FreshDirect is an online grocer that delivers to residences and offices in the New York City metropolitan area. It also offers next-day delivery to much of New York City and parts of Nassau and Westchester Counties, New York; Fairfield County, Connecticut; Hoboken, Newark, and Jersey City; and Philadelphia, Pennsylvania. The company was founded by former CEO of Fairway "Like No Other Market" Joe Fedele and Jason Ackerman, a former investment banker who specialized in the grocery industry. FreshDirect custom-prepares groceries and meals for its customers, a manufacturing practice called Just In Time that reduces waste and improves quality and freshness.
Introduced to the New York market in 2002, its business grew popular for its convenience, fresh food and comparatively lower prices than many Manhattan supermarkets although less competitive elsewhere. The service is popular for its distribution of organic food and locally grown items, as well as items that consumers see in supermarkets daily. It also delivers numerous kosher foods and is recognized by the Marine Stewardship Council as a certified sustainable seafood vendor.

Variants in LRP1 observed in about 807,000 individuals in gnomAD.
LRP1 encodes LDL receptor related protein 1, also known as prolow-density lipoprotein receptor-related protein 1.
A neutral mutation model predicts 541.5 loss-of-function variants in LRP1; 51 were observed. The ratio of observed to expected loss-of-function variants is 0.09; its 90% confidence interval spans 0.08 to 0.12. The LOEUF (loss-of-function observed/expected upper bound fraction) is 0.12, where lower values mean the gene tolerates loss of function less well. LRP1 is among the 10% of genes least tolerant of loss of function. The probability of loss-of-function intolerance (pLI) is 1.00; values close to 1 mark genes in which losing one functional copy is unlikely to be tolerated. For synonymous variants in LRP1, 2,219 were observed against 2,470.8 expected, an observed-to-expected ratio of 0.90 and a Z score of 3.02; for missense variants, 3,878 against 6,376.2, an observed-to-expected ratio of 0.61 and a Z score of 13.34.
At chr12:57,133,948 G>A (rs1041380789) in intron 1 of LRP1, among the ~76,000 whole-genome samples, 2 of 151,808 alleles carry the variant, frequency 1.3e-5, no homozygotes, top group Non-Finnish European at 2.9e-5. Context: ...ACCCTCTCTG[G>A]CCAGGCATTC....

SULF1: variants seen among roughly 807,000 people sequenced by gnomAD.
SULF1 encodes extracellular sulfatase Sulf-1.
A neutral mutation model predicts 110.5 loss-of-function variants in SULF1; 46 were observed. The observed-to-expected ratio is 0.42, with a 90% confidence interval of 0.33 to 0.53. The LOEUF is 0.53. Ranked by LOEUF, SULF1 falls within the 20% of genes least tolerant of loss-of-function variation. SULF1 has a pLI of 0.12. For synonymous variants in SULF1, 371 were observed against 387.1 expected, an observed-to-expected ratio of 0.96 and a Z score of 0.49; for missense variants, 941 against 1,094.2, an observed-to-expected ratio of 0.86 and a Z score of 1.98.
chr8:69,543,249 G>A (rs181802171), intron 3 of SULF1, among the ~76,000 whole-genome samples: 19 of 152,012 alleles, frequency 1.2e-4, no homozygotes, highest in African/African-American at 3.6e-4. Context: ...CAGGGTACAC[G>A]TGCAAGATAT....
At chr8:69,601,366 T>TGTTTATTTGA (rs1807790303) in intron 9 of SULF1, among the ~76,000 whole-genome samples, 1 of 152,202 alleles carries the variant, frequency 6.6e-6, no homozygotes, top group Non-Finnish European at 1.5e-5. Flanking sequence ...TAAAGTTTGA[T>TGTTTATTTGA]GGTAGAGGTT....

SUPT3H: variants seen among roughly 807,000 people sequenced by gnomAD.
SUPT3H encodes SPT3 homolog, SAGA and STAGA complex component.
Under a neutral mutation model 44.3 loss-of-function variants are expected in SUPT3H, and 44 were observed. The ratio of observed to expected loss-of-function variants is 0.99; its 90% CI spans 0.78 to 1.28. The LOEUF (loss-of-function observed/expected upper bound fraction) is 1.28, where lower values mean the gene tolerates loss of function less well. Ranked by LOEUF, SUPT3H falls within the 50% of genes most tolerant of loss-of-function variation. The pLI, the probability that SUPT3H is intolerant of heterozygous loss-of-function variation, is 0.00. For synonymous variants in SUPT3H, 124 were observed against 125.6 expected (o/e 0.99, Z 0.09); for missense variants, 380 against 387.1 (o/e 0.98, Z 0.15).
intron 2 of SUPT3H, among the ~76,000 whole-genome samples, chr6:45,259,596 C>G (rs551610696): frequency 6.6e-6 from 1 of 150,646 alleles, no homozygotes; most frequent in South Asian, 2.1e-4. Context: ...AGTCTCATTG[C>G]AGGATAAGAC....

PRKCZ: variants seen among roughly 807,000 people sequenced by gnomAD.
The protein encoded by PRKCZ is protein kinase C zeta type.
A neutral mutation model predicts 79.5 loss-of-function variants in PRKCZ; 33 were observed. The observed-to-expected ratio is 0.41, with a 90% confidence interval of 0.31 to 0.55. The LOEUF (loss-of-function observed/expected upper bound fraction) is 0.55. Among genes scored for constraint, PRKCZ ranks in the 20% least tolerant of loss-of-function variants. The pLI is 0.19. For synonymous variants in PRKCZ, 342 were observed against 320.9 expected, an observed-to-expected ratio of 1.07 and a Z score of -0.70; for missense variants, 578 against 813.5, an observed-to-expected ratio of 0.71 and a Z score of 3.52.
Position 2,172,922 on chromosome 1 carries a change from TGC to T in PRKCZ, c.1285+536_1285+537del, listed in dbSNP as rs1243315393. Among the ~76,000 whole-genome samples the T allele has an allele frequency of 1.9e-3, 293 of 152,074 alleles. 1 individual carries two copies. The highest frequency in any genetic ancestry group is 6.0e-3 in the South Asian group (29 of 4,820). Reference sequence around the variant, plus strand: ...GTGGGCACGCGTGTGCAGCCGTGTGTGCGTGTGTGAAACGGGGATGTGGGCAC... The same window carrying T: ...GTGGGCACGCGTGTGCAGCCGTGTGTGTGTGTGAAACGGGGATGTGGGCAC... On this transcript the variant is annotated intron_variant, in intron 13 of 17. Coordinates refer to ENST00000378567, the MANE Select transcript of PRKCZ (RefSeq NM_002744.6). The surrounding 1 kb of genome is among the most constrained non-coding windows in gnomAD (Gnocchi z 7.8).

FreshDirect uses SAP AG software to process thousands of orders placed on its website every night. Orders are dispatched to the kitchen, bakery, deli as well as fresh storage rooms, produce ripening rooms and production areas within the company's refrigerated facility. All order components are custom-cut, packaged, weighed and priced. In the case of dry goods or frozen foods, items are picked from storage before being placed inside bins that travel along conveyors to the sorting area. There, products in a customer's order are scanned and gathered in corrugated fiberboard boxes. The boxes are labeled, recorded and loaded into refrigerated delivery trucks.